Antiquarian Anabaptist

Apologetics from an Anabaptist perspective

This is war

“Must I be carried to the skies on flow’ry beds of ease?” asked Isaac Watts many years ago.  Well, nowadays that seems to be exactly what we expect Christian life to be like.  Is it any wonder that so many folks find Christian life to be boring and unfulfilling?

Jesus didn’t promise “flow’ry beds of ease,” He promised tribulation.  “And he said to them all, If any man will come after me, let him deny himself, and take up his cross daily, and follow me” (Luke 9:23).  The cross is not a fashion accessory, it is an instrument of death.

Christian life is warfare.  Our enemies are not other people, but the spirits, thoughts, ideas, and temptations that appeal to the baser lusts of our humanness.  The Apostle Peter said: “Dearly beloved, I beseech you as strangers and pilgrims, abstain from fleshly lusts, which war against the soul” (1 Peter 2:11)

The Apostle Paul wrote: “Fight the good fight of faith, lay hold on eternal life, whereunto thou art also called, and hast professed a good profession before many witnesses” (1 Timothy 6:12); and: “For though we walk in the flesh, we do not war after the flesh: (for the weapons of our warfare are not carnal, but mighty through God to the pulling down of strong holds;) casting down imaginations, and every high thing that exalteth itself against the knowledge of God, and bringing into captivity every thought to the obedience of Christ; and having in a readiness to revenge all disobedience, when your obedience is fulfilled” (2 Corinthians 10:3-6).

The Apostle John wrote: “Marvel not, my brethren, if the world hate you” (1 John 3:13).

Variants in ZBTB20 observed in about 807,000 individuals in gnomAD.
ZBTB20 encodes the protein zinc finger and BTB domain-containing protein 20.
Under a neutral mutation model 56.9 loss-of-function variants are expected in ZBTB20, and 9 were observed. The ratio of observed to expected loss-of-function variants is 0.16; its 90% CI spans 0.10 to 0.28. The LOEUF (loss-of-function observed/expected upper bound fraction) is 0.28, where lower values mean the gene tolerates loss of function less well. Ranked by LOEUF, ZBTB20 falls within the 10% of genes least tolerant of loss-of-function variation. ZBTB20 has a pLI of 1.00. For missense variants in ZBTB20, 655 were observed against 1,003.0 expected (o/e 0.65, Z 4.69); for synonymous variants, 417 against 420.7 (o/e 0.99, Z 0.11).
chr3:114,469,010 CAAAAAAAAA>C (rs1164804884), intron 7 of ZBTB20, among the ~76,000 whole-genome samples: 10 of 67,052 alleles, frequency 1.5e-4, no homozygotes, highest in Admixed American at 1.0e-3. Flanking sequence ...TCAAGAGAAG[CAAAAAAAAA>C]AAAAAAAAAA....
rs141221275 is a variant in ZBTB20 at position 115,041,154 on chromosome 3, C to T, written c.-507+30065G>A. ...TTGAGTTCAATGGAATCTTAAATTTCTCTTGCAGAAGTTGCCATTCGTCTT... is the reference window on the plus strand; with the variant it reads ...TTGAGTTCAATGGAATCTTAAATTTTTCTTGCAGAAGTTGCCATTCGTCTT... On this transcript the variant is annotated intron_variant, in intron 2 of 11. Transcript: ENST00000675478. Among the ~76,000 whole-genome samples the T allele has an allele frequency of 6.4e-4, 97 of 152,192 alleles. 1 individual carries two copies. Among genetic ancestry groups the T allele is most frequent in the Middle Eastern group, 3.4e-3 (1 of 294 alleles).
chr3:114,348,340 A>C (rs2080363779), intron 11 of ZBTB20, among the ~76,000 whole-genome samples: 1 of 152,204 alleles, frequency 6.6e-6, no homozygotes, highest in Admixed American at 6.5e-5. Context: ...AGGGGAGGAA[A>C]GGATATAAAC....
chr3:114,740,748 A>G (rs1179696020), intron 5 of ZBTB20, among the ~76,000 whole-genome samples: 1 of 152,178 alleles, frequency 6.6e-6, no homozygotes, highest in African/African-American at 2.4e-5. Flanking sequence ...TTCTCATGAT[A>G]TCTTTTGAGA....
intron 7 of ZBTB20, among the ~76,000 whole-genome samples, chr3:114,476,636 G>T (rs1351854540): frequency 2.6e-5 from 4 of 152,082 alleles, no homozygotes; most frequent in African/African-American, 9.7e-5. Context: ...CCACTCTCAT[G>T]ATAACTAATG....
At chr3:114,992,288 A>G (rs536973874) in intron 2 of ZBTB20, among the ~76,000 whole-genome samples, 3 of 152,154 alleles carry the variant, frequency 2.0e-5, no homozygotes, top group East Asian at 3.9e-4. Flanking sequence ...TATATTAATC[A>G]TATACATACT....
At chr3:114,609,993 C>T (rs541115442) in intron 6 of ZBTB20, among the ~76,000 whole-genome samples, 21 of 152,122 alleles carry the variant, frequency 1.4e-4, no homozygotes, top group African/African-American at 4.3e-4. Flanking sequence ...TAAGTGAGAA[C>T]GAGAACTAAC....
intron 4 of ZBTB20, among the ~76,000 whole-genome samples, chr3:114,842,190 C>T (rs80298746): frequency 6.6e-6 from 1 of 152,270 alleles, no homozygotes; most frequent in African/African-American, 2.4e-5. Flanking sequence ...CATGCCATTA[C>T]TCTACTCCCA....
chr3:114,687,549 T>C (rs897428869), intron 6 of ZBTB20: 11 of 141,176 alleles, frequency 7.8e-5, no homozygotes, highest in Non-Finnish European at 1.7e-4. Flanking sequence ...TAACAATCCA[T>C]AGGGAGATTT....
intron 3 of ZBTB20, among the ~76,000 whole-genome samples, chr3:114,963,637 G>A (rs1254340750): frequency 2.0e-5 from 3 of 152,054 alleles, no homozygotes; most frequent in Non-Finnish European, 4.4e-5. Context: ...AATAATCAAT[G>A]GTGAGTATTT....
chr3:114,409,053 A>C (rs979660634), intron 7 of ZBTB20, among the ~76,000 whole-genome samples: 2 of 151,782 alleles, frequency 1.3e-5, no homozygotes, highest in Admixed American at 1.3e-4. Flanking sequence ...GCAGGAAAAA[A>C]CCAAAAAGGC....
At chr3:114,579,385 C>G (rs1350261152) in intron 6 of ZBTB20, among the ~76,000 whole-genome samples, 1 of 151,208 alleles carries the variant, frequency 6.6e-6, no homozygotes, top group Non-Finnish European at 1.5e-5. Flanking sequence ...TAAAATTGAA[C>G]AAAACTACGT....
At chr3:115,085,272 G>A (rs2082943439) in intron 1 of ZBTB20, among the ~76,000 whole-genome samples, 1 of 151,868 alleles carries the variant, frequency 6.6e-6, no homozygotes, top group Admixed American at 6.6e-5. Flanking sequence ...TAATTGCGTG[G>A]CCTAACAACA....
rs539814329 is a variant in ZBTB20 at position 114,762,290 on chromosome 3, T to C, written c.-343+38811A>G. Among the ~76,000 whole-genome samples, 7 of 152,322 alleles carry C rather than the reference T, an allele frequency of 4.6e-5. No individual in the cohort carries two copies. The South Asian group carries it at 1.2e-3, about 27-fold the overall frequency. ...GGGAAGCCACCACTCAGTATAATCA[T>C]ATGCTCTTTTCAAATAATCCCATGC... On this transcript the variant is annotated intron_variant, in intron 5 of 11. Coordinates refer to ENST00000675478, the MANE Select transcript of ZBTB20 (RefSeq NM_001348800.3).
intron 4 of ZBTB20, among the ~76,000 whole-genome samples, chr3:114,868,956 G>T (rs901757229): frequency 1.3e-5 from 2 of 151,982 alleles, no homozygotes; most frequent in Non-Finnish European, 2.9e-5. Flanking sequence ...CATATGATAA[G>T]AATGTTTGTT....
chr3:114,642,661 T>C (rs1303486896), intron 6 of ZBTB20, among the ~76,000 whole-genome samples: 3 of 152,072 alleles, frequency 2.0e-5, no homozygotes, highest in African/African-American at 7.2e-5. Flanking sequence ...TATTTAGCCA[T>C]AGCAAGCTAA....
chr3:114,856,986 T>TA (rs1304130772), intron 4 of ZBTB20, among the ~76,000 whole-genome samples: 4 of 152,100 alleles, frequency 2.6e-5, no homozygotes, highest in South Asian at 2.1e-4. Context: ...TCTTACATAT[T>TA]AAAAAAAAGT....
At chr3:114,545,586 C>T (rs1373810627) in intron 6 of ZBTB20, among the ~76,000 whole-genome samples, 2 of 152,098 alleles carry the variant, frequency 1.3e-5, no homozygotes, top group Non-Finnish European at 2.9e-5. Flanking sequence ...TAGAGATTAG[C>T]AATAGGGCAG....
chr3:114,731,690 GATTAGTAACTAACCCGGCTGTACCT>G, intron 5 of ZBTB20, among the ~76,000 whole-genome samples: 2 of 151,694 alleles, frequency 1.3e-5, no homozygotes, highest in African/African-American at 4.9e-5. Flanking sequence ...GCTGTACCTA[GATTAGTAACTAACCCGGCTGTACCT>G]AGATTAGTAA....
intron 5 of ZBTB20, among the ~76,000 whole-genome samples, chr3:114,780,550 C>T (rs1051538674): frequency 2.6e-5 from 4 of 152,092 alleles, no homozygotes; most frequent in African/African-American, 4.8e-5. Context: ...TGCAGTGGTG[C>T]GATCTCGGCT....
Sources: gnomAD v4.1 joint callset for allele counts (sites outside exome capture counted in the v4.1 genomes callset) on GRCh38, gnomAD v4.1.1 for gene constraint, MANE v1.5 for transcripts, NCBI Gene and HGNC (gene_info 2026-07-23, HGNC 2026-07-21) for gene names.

In the days when an outward form of Christianity allied itself with the temporal powers, it was tantamount to a death sentence to be ordained a minister of the Anabaptist faith.  Tennis van Haustelraed, a minister of the gospel, was “apprehended and imprisoned in the city of Gimmick in the province of Jueelick, where he had many a severe contest with many subtle and shrewd spirits, and had to suffer many torments for his faith.  The controversy was principally about infant baptism and the sacraments, in which he did not agree with the papists.  And as he could not be overcome or moved by them, but adhered firmly to the truth, he was finally condemned to be burned.  They led him out of the city into the open field and there burned him to ashes, about the year 1550.”

While in prison, he addressed a letter to his fellow believers, part of which is as follows:

“If you are righteous, become still more righteous; for believe me, you will need it all.  O all ye members of Christ together, I beseech you, wake up now, that you may not sleep when the Bridegroom comes.

“O dear brethren, have compassion on the poor, and comfort and assist them.  I have nearly fought the fight, and my course will soon be finished; God grant that I may keep the faith and the crown of life will be prepared for me.”  (Martyrs Mirror, pages 495-496)

Isaac Watts, who lived nearly 300 years ago, seems to have had a more realistic grasp of the true nature of Christian life than many Christian song writers of our day.  Here is the full text of the hymn from which a line was cited at the beginning of this post.

Am I a soldier of the cross,
A follower of the Lamb?
And shall I fear to own His cause,
Or blush to speak His name?

Must I be carried to the skies
On flow’ry beds of ease,
While others fought to win the prize,
And sailed through bloody seas?

Are there no foes for me to face?
Must I not stem the flood?
Is this vile world a friend to grace,
To lead me on to God?

Sure I must fight, if I would reign;
Increase my courage, Lord;
I’ll bear the toil, endure the pain,
Supported by Thy Word.

Thy saints in all this glorious war
Shall conquer, tho’ they die:
They view the triumph from afar,
And seize it with their eye.

When that illustrious day shall rise
And all Thy armies shine
In robes of vict’ry through the skies,
The glory shall be Thine.

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